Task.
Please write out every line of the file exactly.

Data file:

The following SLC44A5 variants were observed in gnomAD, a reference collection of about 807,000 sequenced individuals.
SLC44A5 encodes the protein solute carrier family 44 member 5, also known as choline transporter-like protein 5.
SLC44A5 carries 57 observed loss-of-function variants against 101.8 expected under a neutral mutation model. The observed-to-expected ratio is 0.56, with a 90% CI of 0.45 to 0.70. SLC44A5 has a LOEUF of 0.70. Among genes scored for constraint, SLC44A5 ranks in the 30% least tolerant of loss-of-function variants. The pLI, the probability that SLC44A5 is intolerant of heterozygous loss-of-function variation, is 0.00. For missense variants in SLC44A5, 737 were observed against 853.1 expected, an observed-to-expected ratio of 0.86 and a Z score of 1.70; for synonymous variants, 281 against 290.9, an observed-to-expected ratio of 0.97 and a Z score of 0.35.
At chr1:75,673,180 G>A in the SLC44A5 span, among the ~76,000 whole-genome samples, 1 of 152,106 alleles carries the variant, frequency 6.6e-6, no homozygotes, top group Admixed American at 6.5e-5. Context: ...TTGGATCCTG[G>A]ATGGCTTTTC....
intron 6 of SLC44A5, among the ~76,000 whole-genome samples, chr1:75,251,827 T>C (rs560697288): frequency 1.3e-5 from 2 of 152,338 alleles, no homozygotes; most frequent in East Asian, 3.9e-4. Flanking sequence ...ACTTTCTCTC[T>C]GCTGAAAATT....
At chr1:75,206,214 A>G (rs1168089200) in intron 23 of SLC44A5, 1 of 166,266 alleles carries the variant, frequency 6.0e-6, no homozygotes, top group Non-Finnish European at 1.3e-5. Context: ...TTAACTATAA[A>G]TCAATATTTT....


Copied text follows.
The following SLC44A5 variants were observed in gnomAD, a reference collection of about 807,000 sequenced individuals.
SLC44A5 encodes the protein solute carrier family 44 member 5, also known as choline transporter-like protein 5.
SLC44A5 carries 57 observed loss-of-function variants against 101.8 expected under a neutral mutation model. The observed-to-expected ratio is 0.56, with a 90% CI of 0.45 to 0.70. SLC44A5 has a LOEUF of 0.70. Among genes scored for constraint, SLC44A5 ranks in the 30% least tolerant of loss-of-function variants. The pLI, the probability that SLC44A5 is intolerant of heterozygous loss-of-function variation, is 0.00. For missense variants in SLC44A5, 737 were observed against 853.1 expected, an observed-to-expected ratio of 0.86 and a Z score of 1.70; for synonymous variants, 281 against 290.9, an observed-to-expected ratio of 0.97 and a Z score of 0.35.
At chr1:75,673,180 G>A in the SLC44A5 span, among the ~76,000 whole-genome samples, 1 of 152,106 alleles carries the variant, frequency 6.6e-6, no homozygotes, top group Admixed American at 6.5e-5. Context: ...TTGGATCCTG[G>A]ATGGCTTTTC....
intron 6 of SLC44A5, among the ~76,000 whole-genome samples, chr1:75,251,827 T>C (rs560697288): frequency 1.3e-5 from 2 of 152,338 alleles, no homozygotes; most frequent in East Asian, 3.9e-4. Flanking sequence ...ACTTTCTCTC[T>C]GCTGAAAATT....
At chr1:75,206,214 A>G (rs1168089200) in intron 23 of SLC44A5, 1 of 166,266 alleles carries the variant, frequency 6.0e-6, no homozygotes, top group Non-Finnish European at 1.3e-5. Context: ...TTAACTATAA[A>G]TCAATATTTT....